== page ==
One of Modern Warfare 3's strong points is that the game's customization options are very much optional; the five preset classes are more than sufficient for jumping into a quick game. The game's maps are designed for smaller skirmishes, with most games supporting 8-12 players. There are 12-18 player options, but these often feel overcrowded.
The included maps are visually rich, well detailed, and mostly boring. This last isn't obvious until you've played enough of the game to be at least passingly familiar with the most popular options—but once you are, they begin to blur together. MW3's maps are, nearly without exception, a series of interconnected small-to-medium spaces, broken by the occasional hallway. In theory, that's fine—but in practice, it's deadly dull.
As you can see, the flag is securely placed in...the middle of the street. Maps are well-detailed, but something of a study in the color brown
The maps in MW3 generally lack choke points, defendable positions, sniper nests, blind alleys, or any other form of distinguishing feature. Accessible buildings, rooftops, and basements are virtually guaranteed to have at least two separate points of entry, invariably positioned such as to make covering both impossible for a single person.
It's one thing to design a map to discourage camping and something else entirely to build maps that feel like they were rubber-stamped by a committee. There's no need for strategy or tactics when it comes to assaulting an enemy position; everything is literally connected to everything else. Similarly, there's precious little reason to try a coherent defensive strategy. Control points and deathmatches are decided by who has the quickest trigger finger, and little else besides. Again, there's something to be said for this sort of quick, easy gameplay. If all you're looking for is a fast, uncomplicated game of shooting other folks, Modern Warfare 3 delivers. Leveling up and unlocking items is enjoyable and the customization options are first rate.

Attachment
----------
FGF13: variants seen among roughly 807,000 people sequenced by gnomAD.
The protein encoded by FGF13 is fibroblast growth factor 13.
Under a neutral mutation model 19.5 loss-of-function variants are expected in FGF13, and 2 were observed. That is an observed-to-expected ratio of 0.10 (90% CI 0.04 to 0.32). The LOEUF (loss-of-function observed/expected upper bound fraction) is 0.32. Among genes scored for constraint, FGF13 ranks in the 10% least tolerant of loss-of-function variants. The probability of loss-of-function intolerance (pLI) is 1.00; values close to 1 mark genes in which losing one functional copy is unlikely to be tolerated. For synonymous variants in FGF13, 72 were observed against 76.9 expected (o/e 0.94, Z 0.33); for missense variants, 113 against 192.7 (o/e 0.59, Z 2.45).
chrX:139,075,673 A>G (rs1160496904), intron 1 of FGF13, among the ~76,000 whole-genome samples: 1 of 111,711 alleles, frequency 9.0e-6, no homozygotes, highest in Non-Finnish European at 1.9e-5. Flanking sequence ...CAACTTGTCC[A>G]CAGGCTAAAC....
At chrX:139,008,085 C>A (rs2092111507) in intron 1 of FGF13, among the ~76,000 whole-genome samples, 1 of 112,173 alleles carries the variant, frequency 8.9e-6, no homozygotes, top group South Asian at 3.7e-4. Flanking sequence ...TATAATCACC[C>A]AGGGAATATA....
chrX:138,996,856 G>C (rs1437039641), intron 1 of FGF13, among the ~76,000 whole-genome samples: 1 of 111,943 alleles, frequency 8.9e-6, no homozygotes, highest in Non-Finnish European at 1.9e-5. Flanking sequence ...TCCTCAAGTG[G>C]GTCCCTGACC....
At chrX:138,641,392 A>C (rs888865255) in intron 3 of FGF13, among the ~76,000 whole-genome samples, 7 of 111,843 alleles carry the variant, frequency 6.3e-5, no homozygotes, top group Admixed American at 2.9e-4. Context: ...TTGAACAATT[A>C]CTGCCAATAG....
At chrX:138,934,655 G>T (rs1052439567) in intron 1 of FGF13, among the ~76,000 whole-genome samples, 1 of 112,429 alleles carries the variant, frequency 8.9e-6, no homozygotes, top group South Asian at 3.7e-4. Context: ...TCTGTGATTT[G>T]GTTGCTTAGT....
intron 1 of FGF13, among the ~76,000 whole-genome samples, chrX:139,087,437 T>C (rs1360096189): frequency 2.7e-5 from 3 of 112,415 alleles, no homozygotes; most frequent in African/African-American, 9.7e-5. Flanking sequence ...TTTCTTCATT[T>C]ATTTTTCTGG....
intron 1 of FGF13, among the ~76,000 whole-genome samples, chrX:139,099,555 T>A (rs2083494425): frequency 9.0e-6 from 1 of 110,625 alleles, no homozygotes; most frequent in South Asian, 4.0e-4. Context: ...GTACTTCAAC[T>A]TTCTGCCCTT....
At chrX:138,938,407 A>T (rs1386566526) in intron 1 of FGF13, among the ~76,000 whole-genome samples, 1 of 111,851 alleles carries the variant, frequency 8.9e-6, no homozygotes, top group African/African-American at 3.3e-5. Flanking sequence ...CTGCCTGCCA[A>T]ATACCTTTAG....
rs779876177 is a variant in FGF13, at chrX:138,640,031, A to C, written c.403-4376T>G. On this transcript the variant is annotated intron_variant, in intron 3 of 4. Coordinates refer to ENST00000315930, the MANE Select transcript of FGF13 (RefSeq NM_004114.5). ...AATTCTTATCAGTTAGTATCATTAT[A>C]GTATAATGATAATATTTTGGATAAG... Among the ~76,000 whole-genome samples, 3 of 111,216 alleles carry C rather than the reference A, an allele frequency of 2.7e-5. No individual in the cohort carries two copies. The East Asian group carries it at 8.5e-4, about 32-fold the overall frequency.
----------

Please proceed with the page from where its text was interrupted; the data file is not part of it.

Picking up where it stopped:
Is it fun? Yes. Is it $59.99 worth of fun? No.
Modern Warfare 3 has spent the last week smashing sales records; dwarfing even Battlefield 3's impressive debut. Clearly there's an enormous appetite for this sort of game, and we can scarcely blame Activision for being unwilling to make many changes to their cash cow. MW3 is a fabulous CoD-style game (after seven previous titles, it darn well should be), and if you're a player that wants more CoD gameplay, this game delivers.
Being popular, however, isn't quite the same as being good. We've enjoyed the time we spent with the game, but there's nothing hear to make us want to play again. That's clearly not a problem for Activision, but we can't help noting that the game's much-ballyhooed Elite Service, originally promised for the PC platform, has now been pushed back into the indefinite future, likely to address the way game hackers can distort results.
We only saw three instances of blatant hacking in our time with the game, but even one hacker is sufficient to ruin an 18-player map. The combination of aimbotting and wall hacking turns them into nearly unstoppable death machines; it's not unusual to see someone rack up well over 100 kills a round while only dying 3-4x.
Series fans will find plenty to like here. Others--particularly those with limited funds--may wish to consider other options. On that note, flip the page for our comparison on how Modern Warfare 3 stacks up against Battlefield 3.
|Squaring Off: MW3 vs. BF3|
|Both are gorgeous blockbuster titles—but if you had to pick one, which should it be? Our answers may surprise you.
When it comes to their storytelling aspirations, the folks at DICE clearly intended to deliver a five course steak dinner compared to Infinity Ward's McDonald's combo meal. Unfortunately for all concerned, EA's poor scripting and practical implementation undercut its aspirations. It's like arriving at a five star restaurant, only to be informed you'll have to wear a wetsuit three sizes too small and dine under the vulpine gaze of a lascivious Alan Greenspan.